Recently her nephew, Gavin Marriott, applied to the Ministry of Defence for his uncle's medals to be released to his family. Like many servicemen killed in action, he had never been presented with all the medals he had won. Yesterday was a bit of a surprise for Mrs Kinsman, the last of the 11 Howes brothers and sisters. She knew her nephew was taking her for a drive from her Fairlie home, but it was not until they reached Albury that Mr Marriott gave her her brother's medals to wear at the ceremony. "I remember it as plain as day," Mrs Kinsman said of waving her older brother goodbye as a teenager. Equally she remembered the day the minister arrived to give the family the news that Vic was missing. "[Vic] had a little dog � half terrier and spaniel � called Paddy, and it sat and waited for him until he died," she said of the loyal pooch.

Mrs Kinsman joined about 20 Albury residents, the Mackenzie Highland Pipe Band and youngsters from the local school for what has become established as an annual event in the village. The Mackenzie Returned and Services Association started organising the Armistice commemoration about six years ago. Initially it was intended to hold the service in alternate years, Mackenzie RSA president Mick Glover said, but its popularity meant it had become an annual commemoration. As well as the traditional wreath-laying and reciting of the challenge and response, the short service also includes the reading of the names of all those from the district who lost their lives in both world wars � 25 in World War I and seven, including Mr Howes, in World War II. By the chat taking place over morning tea in the Albury Tavern after the service, it seems a fair bet that Armistice commemoration will be a feature of life in Albury for years to come.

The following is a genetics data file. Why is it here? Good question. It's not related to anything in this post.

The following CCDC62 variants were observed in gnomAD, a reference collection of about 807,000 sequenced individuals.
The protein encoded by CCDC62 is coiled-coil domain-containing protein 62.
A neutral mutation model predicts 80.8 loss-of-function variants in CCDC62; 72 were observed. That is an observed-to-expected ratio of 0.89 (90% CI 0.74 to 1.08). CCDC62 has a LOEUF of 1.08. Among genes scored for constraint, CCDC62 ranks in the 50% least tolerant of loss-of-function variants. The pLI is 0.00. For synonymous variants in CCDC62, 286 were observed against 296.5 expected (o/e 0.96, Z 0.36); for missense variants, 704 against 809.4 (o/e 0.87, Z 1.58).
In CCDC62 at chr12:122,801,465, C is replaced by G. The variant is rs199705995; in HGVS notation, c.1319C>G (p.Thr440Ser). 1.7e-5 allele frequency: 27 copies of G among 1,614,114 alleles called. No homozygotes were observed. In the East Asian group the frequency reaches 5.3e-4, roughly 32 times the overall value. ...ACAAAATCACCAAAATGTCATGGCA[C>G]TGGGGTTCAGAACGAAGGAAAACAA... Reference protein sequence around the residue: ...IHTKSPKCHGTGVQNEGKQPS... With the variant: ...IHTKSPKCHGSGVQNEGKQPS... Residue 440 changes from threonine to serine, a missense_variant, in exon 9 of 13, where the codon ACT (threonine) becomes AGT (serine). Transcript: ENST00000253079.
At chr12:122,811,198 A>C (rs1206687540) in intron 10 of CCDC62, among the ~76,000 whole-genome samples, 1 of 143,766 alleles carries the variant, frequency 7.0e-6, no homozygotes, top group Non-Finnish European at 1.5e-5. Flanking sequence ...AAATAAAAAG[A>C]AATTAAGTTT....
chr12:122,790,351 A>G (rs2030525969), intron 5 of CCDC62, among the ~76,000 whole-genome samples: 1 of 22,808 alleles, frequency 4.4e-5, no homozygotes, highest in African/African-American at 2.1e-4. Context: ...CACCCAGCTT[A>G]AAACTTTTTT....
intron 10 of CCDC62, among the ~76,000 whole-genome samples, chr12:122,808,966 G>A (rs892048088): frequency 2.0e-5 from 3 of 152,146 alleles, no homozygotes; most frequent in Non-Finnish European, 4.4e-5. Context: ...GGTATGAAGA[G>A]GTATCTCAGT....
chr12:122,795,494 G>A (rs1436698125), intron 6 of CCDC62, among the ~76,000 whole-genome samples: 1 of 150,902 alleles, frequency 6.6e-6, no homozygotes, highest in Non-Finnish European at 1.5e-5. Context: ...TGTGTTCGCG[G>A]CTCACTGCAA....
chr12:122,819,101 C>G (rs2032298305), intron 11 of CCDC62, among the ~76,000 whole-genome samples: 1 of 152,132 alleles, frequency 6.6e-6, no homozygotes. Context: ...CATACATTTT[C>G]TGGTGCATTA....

[There was is a photo with the article of Mrs Kinsman with the five medals:
1939-1945 Star, Air Crew Europe Star, 1939-1945 British service medal, 1939-1945 NZ service medal, The King George VI New Zealand Memorial Cross on a mauve ribbon.]

Air Crew Europe Star.
For operational flying over Europe from United Kingdom bases between the 3rd. of September 1939 and the 5th. of June 1944. Like the Atlantic Star, the criteria for the award of the 39-45 Star have to be fulfilled first. 120 days as an air crew member, 60 days for the 39-45 Star, then another 60 days for this star. Bars for Atlantic, and France and Germany, could be won, but only one bar may be worn on this ribbon. The ribbon is pale blue for the Airforce, and its day and night continuous service is depicted by the yellow and black.


Looks like the entire family were known by their middle names.